The European Union wants more competition in the energy sector, but the large energy companies aren't playing ball. Now Brussels is planning to take on the big boys with a far-reaching new law which will break up the giant energy suppliers into separate production and distribution companies.
European Commissioner for Energy Andris Piebalgs and European Commissioner for Competition Neelie Kroes have put together a draft package of regulations which would force large European energy companies to completely give up control of their distribution networks, the German business daily Handelsblatt reported Thursday.
The confidential draft proposes two models for separating power production from distribution, the paper reports. The first model involves companies either selling their distribution networks to an independent investor or spinning off their networks into a separate company. In the second model, the companies would retain ownership of the networks but appoint an "independent system operator" who would be given total control of managing distribution, a system which is already in place in parts of the US.
The intention is to stimulate competition in the sector, which the EU feels is lacking. The EU's goal, as part of its plans for liberalizing the energy market, is that companies and private households should be able to buy energy from electricity and gas suppliers anywhere in the EU. However the EU still cannot guarantee that every supplier can freely deliver energy to customers in every member state, according to Piebalgs' draft.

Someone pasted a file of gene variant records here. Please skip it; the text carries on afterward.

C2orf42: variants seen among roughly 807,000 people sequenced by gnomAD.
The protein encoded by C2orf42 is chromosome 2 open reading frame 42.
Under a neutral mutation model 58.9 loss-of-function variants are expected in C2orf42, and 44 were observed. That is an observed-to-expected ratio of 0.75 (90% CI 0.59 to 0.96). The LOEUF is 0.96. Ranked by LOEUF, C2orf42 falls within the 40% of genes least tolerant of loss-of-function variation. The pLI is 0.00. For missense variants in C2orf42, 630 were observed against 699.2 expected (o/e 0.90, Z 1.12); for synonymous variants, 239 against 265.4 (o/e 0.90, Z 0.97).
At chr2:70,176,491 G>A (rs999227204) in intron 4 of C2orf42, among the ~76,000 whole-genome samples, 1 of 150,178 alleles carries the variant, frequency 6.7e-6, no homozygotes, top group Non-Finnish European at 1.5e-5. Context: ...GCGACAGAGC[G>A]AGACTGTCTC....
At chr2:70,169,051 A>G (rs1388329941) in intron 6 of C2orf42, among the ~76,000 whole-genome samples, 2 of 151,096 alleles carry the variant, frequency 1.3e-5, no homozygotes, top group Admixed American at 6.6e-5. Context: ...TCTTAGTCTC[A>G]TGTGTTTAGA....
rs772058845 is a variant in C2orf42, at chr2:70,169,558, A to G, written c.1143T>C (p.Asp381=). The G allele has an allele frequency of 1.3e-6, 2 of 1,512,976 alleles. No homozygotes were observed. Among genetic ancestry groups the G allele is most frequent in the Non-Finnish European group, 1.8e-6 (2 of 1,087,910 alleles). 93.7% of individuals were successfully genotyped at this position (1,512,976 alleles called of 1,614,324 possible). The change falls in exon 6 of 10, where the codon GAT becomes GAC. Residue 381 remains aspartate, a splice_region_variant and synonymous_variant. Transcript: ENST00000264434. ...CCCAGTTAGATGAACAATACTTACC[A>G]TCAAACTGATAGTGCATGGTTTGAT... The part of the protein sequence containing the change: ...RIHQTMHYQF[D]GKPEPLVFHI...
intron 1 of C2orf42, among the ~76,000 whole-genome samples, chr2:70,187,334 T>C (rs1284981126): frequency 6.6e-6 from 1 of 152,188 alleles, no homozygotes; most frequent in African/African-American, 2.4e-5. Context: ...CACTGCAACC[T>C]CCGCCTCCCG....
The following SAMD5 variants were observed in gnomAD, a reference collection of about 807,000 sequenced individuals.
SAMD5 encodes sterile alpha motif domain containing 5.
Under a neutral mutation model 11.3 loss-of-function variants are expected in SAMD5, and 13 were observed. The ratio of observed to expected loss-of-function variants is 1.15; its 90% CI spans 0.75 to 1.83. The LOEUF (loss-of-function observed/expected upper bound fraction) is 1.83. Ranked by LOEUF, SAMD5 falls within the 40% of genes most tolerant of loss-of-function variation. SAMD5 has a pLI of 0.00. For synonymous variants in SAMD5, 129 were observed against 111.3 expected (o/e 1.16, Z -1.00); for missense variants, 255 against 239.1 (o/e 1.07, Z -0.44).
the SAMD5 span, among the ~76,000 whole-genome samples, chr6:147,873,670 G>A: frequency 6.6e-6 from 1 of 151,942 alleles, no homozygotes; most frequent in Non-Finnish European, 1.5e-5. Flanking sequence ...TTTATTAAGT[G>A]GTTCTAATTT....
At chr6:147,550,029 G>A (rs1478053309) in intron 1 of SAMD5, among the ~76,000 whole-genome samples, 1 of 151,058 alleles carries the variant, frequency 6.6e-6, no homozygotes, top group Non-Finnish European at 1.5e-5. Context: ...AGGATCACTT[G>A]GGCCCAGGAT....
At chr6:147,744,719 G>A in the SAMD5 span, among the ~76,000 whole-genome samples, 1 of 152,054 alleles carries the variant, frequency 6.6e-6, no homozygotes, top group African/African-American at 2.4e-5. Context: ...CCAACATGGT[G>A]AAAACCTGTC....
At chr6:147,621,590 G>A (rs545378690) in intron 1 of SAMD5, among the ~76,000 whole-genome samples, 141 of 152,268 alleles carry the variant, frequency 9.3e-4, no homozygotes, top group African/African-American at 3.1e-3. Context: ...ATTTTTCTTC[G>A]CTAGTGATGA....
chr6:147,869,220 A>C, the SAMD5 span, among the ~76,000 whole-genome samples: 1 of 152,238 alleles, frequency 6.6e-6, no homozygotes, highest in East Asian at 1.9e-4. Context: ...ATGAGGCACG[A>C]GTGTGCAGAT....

Piebalgs also wants prices for wholesale electricity and gas to be more closely regulated. He seeks to give national supervisory authorities significantly more power and to join them together into a new Europe-wide supervisory agency. The intention is to enable authorities to check if large established players are discriminating against new providers in the wholesale market.
A high-ranking official told the newspaper that the draft law was almost certain to be approved when it is brought before the European Commission on Sept. 19. The regulation package must then be approved by a majority of member states in the Council of the European Union before it passes into law.
The move is the EU's furthest-reaching intervention in the European energy market yet and is likely to lead to years of conflict. France, Germany and other EU states have repeatedly criticized plans to break up energy firms into production and distribution companies, as have influential energy giants such as Germany's E.on and RWE and the state-owned French energy monopolist EDF, who would be particularly affected by the move. However other EU members, led by the United Kingdom, are in favor of the separation.